23d. Remained in camp until two P. M., when the brigade and regiment, in connection with Third brigade, (Colonel Selfridge's,) First division, were ordered to destroy several miles of the Gordon Railroad, which was successfully accomplished. Reached camp at five P. M. 24th. Broke camp at seven A. M., crossed Town Creek, and encamped for the night near Gum Creek, having marched twelve miles. 25th. Moved at nine A. M., passed through the town of Hebron, halted while nine bridges were repaired over the swamps at this point, which had been destroyed by a citizen by the name of Tucker. The bridges having been repaired, took up line of march about eight P. M. Crossed the swamps and bivouacked for the night, having marched about eight miles. 26th. Moved at seven A. M., reached Sandersville at noon, halted one hour for dinner. Marched to Tennille, some three miles distant, at Station No. 13, on the Georgia Central Railroad, destroying several miles of road toward Davisboro. Encamped for the night in close proximity to the railroad. 27th. At seven A. M. recommenced the destruction of the railroad, and took up line of march at two P. M. for Davisboro, some twelve miles distant, which place we reached at nine P. M. 28th. Resumed the destruction of the railroad in vicinity of Davisboro, in conjunction with First brigade of Second division. While at work, an assault was made upon the working parties by a detachment of Wheeler's cavalry, in which private William Grouse, of company H, of this regiment, was wounded in the foot. Reached Davisboro about eight P. M., bivouacked for the night. 29th. Moved at seven A. M., halted for dinner at Bartoe Station, some thirteen miles from Davisboro, passed through Bethany, and bivouacked near the Ogeechee River, after a march of twenty-two miles. 30th. Took up line of march at nine A. M., in direction of Louisville, crossed the Ogeechee River about dusk, bivouacked near Louisville, marched about ten miles. December 1.--Moved at seven A. M., taking the advance. Marched fifteen miles and bivouacked near Burke Camp-Ground. 2d. Moved at seven A. M. Marched some fifteen miles, crossed Buckhead Creek, and bivouacked for the night. 3d. Took up line of march at twelve M., crossed the Augusta and Waynesboro Railroad, three miles north of Millen, marched some ten miles, and bivouacked at four A. M. 4th. Broke camp at seven A. M., being the advance-guard of the division. Marched but six miles, owing to the destruction of a dam by the enemy, which flooded the road. 5th. Started at ten A. M. Companies K and F were detailed as a rear-guard. After crossing the north branch of the Little Ogeechee, these two companies were ordered to destroy by fire the saw-mill and bridge, and break the dam, after the same had been opened and the road flooded. Three foraging teams came in sight on the other side of the road. The men were ordered to cross the burning bridge, which they did, and succeeded in backing the flames and brought the teams and horses across in safety. Halted for dinner at the Little Ogeechee, passed the First division, and bivouacked for the night, after a march of fifteen miles. 6th. Broke camp at eight A. M. Marched this day but eight miles, owing to the obstructions placed across the road by the enemy. 7th. Moved at seven A. M., marched to Springfield, fourteen miles. Regiment on picket, in connection with One Hundred and Forty-ninth New-York volunteers. 8th. Took up line of march at seven A. M., passed through Springfield, encamped at four P M., having marched fourteen miles. 9th. Marched at eight A. M., halted at Monteith Swamp for dinner. At this point a brigade of the First division encountered the enemy. After handsomely repulsing them, the Second division was ordered to encamp about five P. M. 10th. Moved at nine A. M., crossed the Savannah and Charleston Railroad, which had beer destroyed by the First division. Bivouacked on the main road to, and within five miles of, Savannah. 11th. The brigade was ordered to break camp at eight A. M., and move on a road to the left and toward the Savannah River, to feel the enemy's lines. Passed the Forty-sixth Pennsylvania veteran volunteers, First division, Second brigade, doing picket-duty, and in close proximity to the enemy's lines. After a slight skirmish with the enemy by the One Hundred and Thirty-seventh and One Hundred and Second New-York regiments, in which they drove the enemy into their works, we took our position in a ditch made to drain road, and which served as good earthworks for the men, Twenty-ninth being the fourth in line from the left of the brigade, and within three hundred yards of the enemy's works. 12th. The enemy kept up a brisk artillery fire, which was only responded to by the skirmish-line on our front. At eleven P. M., received orders to prepare to charge the enemy's works. The positions of the regiments were changed and the Twenty-ninth ordered to take the extreme left and charge the enemy's works on the river beach. The regiment took up its assigned position at two A. M., and at four A. M. was ordered into intrenchments, the assault having been abandoned. 13th. Heavy firing all day from the enemy, with shot and shell. 14th. Firing all day from the enemy. Received news of the capture of Fort McAllister. 15th. Things unusually quiet. 16th. Heavy firing from the enemy; two men wounded, both seriously. 17th. Firing from the enemy unusually heavy. Two enlisted men killed, four wounded-one mortally-and one commissioned officer, Captain Beaumont, wounded in left leg. 18th, 19th, and 20th. Nothing worthy of note. 21st. Received notice to fall in at two A. M., that the enemy had abandoned their works. Took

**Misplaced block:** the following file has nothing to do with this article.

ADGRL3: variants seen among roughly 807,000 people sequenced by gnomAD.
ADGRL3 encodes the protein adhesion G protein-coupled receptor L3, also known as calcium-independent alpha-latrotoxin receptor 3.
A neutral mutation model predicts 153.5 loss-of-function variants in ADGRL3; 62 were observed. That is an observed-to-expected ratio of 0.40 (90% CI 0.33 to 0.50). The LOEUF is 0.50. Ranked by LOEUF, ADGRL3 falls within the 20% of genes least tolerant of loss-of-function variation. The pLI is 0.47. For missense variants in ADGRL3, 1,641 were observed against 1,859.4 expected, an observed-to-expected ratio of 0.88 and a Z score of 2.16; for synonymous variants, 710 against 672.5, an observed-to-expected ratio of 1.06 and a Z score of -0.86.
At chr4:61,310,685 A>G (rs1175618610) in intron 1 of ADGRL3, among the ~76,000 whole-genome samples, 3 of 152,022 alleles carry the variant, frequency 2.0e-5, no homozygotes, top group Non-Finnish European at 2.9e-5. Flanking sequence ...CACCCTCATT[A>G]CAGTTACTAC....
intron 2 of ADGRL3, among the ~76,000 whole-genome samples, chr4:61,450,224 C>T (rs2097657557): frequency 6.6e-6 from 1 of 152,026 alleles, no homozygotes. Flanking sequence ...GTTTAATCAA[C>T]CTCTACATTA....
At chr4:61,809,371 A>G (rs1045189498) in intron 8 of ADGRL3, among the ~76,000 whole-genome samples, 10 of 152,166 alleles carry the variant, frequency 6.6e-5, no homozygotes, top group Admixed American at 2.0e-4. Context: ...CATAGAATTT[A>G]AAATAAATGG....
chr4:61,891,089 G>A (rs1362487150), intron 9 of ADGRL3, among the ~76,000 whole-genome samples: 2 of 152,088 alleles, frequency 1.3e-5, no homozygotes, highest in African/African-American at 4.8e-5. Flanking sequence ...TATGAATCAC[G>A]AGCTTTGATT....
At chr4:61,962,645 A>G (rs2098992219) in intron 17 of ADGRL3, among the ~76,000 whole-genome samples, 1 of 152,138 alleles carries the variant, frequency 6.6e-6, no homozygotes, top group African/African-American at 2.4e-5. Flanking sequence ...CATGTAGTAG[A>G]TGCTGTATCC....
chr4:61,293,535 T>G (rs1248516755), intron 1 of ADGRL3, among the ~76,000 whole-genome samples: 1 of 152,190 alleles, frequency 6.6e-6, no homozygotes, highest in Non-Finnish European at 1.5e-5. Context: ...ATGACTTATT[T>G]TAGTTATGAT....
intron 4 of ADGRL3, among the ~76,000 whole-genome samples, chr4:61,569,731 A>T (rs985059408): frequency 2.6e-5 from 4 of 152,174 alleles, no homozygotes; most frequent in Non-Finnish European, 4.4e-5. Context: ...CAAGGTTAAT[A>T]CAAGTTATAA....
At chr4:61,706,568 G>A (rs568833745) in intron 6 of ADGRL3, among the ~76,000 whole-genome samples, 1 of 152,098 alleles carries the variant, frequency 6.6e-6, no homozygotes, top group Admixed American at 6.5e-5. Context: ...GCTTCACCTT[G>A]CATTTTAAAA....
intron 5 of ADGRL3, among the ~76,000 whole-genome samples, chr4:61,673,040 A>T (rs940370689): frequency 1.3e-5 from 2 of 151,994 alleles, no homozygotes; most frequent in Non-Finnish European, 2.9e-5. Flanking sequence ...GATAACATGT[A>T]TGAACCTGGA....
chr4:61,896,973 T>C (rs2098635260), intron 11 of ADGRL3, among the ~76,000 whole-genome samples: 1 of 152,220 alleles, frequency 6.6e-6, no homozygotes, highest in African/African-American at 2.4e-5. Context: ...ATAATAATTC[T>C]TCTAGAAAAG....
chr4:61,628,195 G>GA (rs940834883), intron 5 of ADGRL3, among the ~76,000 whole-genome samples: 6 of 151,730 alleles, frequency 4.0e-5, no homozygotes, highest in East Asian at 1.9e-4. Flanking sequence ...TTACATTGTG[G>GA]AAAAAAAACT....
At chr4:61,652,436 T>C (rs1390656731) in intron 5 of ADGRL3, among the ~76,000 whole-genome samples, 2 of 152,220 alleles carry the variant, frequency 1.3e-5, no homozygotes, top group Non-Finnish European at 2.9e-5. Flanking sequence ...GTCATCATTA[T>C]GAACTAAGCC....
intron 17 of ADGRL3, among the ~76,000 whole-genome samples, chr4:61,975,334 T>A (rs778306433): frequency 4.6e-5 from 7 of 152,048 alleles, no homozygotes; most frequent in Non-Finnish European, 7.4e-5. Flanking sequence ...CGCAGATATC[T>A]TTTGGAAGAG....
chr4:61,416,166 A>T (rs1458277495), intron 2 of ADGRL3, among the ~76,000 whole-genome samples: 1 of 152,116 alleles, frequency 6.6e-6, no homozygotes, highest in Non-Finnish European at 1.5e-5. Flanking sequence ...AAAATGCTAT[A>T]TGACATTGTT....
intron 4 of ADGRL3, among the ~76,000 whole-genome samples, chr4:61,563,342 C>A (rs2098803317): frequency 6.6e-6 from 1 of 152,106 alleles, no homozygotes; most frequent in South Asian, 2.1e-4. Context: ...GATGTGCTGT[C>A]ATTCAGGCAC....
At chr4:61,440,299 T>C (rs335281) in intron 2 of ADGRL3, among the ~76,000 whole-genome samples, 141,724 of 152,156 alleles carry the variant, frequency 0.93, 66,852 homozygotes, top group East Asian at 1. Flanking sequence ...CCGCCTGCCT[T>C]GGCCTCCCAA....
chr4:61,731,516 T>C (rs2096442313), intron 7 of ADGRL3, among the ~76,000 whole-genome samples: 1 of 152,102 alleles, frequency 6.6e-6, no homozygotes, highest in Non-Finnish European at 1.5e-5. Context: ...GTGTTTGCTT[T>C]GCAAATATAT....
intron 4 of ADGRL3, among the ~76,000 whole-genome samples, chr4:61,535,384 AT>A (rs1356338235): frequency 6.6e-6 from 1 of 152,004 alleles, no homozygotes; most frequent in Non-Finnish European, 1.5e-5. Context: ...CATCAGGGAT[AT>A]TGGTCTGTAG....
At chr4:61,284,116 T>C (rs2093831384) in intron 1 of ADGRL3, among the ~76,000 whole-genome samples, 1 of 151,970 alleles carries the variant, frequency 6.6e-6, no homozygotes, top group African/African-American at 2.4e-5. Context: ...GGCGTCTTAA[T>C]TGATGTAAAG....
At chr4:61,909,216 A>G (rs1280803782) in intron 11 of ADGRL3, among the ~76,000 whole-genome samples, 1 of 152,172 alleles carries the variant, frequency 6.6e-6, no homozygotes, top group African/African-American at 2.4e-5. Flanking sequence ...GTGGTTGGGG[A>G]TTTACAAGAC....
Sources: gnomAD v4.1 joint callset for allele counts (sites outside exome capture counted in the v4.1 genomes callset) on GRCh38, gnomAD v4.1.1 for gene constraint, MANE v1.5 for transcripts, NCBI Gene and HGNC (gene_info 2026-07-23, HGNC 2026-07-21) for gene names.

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Foreign accounts of the fight.
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